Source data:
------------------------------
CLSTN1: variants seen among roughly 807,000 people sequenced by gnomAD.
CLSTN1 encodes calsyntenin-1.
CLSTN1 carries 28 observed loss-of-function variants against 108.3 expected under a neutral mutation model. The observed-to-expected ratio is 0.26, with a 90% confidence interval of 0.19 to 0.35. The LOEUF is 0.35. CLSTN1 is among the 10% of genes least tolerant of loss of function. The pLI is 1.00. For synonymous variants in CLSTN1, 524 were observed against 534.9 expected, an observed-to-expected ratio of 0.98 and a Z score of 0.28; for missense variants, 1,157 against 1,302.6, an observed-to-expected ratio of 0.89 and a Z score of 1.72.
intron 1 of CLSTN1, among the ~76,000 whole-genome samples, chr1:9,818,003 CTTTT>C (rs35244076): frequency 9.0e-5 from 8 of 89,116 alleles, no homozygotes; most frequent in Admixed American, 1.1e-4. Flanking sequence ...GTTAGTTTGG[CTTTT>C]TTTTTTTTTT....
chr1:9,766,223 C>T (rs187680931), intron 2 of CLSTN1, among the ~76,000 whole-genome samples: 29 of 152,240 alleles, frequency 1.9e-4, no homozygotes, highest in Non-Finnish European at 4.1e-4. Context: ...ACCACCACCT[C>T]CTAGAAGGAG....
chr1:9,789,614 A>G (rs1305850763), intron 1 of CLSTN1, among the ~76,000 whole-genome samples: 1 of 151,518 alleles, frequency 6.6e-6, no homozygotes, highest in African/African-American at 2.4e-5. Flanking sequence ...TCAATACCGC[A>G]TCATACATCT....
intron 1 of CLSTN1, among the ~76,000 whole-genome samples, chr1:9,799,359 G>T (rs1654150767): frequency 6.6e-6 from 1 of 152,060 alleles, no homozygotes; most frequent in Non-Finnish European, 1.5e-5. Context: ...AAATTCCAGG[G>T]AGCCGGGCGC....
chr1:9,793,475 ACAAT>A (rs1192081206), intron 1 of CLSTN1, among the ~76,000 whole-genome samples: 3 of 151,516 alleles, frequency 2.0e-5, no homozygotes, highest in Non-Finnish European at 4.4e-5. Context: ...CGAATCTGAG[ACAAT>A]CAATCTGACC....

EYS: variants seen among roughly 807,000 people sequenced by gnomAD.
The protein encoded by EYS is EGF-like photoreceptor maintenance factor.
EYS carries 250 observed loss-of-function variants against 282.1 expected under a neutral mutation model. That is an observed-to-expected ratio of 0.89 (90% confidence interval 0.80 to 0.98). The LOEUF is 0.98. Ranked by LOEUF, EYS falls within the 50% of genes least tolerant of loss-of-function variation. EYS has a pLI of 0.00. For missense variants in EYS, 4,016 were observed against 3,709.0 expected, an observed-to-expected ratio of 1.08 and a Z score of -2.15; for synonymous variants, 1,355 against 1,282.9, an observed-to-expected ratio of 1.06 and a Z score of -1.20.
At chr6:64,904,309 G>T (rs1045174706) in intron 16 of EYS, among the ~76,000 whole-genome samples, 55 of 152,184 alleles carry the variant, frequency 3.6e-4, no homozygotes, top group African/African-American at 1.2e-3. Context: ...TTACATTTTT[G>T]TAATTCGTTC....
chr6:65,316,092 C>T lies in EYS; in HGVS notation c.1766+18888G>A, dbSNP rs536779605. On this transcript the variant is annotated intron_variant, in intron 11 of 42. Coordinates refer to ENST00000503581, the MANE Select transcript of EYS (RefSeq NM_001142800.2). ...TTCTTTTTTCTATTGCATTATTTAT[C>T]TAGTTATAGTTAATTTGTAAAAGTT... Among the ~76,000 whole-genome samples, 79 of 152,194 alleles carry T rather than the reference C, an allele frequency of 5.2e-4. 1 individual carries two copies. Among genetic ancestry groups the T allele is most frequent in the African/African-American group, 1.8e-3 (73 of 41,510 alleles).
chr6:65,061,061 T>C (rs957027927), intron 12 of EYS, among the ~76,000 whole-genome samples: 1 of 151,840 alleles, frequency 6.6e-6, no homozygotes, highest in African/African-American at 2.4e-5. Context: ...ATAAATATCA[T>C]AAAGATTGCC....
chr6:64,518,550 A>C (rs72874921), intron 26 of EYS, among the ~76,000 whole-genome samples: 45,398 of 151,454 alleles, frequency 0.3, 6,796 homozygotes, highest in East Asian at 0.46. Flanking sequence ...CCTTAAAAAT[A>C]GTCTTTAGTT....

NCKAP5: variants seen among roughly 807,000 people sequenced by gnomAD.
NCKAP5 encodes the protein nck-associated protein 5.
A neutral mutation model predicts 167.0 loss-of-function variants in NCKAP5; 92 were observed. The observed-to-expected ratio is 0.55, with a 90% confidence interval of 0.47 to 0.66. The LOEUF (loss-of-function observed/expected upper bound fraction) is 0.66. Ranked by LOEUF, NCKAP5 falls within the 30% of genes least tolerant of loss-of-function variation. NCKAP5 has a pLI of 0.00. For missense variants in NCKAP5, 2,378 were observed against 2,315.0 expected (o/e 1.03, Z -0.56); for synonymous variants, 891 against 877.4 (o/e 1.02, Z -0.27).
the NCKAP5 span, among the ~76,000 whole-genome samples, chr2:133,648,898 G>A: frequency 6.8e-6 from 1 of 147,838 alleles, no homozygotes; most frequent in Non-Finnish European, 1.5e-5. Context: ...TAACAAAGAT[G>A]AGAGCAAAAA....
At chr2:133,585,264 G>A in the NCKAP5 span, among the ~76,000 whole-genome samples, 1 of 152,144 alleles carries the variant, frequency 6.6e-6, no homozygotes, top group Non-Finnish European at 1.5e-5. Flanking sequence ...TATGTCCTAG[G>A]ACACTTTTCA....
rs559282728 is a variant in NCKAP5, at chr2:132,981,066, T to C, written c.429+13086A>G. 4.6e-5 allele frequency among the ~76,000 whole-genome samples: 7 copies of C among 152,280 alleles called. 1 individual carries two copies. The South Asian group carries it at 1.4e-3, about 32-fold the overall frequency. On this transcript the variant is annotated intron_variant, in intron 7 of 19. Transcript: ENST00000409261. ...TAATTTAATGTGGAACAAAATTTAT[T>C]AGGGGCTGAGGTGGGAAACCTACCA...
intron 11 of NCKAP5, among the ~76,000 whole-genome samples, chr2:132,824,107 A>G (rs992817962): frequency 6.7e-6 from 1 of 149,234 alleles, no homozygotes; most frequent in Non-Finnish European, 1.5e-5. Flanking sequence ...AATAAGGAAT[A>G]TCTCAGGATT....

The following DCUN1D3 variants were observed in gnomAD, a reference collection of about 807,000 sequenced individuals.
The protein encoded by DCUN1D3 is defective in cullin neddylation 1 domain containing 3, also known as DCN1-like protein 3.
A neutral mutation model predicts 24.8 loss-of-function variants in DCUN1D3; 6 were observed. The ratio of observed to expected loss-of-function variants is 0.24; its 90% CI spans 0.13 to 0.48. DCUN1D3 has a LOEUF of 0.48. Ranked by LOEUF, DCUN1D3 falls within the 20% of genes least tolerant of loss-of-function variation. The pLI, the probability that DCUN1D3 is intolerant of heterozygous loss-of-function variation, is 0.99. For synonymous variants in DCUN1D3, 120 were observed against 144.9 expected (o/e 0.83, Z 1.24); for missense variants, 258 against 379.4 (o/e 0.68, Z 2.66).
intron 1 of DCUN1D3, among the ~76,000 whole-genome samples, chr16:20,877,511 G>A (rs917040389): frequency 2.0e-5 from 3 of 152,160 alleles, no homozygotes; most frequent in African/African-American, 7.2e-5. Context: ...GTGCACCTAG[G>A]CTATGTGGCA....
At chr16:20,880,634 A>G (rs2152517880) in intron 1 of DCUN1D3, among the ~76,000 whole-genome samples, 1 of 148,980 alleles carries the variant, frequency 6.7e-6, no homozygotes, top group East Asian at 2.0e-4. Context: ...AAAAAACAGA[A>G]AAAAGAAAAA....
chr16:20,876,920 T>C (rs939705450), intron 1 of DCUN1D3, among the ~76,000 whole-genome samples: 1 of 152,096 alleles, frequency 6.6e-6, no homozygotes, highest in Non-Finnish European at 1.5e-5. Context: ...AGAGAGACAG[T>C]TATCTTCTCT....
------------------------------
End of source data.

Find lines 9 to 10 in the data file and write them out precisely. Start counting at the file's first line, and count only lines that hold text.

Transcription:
EYS: variants seen among roughly 807,000 people sequenced by gnomAD.
The protein encoded by EYS is EGF-like photoreceptor maintenance factor.